Low Cycle Fatigue
Low Cycle Fatigue (LCF) describes the service environment of many critical (and
primarily metal) components: low frequency, large loads/strains. The LCF environment
is typical of turbine blades (heat-up/cool down cycling) and other power generation
equipment subject to thermal and/or mechanical cycling (ie. pressure vessels, piping,
etc.) LCF typically involves large deformations, thereby accumulating damage on
the specimen. LCF research is essential for the understanding of failure (in metals),
for design and engineering purposes.
High Cycle Fatigue
High Cycle Fatigue (HCF) results from vibratory stress cycles at frequencies which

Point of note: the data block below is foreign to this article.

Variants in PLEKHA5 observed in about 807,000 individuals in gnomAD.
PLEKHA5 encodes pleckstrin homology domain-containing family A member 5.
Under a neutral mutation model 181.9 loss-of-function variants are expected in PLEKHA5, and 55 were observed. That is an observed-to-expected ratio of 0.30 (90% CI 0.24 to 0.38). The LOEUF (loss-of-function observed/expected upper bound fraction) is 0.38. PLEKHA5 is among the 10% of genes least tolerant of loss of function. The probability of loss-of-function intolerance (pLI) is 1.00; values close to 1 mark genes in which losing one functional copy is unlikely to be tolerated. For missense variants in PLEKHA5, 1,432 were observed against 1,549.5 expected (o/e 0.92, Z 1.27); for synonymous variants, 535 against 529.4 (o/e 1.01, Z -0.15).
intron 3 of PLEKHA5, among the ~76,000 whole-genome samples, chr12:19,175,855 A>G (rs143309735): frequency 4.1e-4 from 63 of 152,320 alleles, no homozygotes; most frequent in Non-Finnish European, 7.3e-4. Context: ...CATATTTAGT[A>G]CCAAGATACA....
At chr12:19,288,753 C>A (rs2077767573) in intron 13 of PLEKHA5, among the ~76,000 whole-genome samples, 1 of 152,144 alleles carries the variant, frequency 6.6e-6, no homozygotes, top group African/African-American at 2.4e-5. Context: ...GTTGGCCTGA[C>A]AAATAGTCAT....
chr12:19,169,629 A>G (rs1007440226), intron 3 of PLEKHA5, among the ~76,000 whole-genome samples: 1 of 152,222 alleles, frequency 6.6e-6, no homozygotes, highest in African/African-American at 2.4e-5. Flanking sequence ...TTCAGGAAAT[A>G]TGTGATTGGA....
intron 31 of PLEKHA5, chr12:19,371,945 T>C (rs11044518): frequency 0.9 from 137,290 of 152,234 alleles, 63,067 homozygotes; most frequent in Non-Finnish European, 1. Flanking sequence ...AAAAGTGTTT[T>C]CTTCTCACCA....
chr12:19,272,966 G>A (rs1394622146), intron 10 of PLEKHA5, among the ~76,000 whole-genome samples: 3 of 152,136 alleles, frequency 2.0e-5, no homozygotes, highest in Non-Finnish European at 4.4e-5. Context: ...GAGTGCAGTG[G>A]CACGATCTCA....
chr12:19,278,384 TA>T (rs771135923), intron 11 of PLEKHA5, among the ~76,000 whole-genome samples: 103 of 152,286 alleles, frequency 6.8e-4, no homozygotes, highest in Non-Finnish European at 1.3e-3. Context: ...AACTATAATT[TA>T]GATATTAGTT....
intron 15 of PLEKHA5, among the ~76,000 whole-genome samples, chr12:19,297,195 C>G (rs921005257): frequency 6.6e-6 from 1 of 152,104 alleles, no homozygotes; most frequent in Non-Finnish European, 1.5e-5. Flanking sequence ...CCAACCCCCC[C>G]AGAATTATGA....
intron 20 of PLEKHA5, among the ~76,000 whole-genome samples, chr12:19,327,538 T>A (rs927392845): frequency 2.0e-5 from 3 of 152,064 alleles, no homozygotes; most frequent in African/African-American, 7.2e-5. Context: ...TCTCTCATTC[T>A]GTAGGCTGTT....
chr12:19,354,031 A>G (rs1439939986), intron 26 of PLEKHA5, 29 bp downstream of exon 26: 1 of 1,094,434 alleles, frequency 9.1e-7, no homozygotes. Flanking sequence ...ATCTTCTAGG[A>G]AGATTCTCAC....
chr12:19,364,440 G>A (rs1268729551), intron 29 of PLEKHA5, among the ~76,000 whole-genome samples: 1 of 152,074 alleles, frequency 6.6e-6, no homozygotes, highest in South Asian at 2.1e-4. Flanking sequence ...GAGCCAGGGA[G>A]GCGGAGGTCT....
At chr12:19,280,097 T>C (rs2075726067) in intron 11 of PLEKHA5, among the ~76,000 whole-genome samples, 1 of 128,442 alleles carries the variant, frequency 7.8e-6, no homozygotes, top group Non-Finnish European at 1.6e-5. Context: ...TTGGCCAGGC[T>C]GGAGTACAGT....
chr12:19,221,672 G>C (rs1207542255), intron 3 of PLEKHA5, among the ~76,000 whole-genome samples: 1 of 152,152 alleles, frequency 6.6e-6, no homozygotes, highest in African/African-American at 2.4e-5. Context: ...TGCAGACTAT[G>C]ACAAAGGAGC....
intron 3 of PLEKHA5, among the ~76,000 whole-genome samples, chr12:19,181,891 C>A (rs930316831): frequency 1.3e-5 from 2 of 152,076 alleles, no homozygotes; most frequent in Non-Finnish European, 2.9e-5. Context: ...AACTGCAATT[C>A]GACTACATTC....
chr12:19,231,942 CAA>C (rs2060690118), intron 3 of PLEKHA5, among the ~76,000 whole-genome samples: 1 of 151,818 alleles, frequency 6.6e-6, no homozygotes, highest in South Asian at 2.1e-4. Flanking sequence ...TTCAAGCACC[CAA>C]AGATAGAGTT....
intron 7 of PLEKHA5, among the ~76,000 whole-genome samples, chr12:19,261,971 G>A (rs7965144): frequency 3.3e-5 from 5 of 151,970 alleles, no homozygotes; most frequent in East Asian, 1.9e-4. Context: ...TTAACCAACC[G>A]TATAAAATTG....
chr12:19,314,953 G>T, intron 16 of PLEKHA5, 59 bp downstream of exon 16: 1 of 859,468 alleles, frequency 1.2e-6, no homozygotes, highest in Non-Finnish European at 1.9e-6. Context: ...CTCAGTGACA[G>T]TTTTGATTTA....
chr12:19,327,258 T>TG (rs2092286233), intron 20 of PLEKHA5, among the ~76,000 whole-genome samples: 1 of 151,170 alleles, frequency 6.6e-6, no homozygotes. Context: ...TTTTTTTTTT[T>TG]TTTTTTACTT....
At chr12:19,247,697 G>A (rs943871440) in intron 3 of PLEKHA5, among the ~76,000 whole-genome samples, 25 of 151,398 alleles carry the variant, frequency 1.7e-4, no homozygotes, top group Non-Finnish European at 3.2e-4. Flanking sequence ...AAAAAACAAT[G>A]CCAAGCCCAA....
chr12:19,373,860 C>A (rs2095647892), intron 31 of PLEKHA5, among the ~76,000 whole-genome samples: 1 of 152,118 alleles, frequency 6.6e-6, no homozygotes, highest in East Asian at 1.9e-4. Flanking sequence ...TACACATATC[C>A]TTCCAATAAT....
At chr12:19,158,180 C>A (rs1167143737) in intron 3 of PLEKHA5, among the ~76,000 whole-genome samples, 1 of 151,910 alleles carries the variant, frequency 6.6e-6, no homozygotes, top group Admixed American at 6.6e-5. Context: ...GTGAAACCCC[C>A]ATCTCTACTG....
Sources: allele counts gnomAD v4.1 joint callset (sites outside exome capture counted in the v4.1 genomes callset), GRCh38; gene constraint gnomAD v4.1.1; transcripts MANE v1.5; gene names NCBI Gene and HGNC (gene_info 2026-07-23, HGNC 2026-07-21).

can reach thousands of cycles per second and can be induced from various mechanical
sources. It is typical in aircraft gas turbine engines and has led to the premature
failure of major engine components (fans, compressors, turbines). While LCF involves
bulk plasticity where stress levels are usually above the yield strength of the
material, HCF is predominantly elastic, and stress levels are below the yield strength
of the material.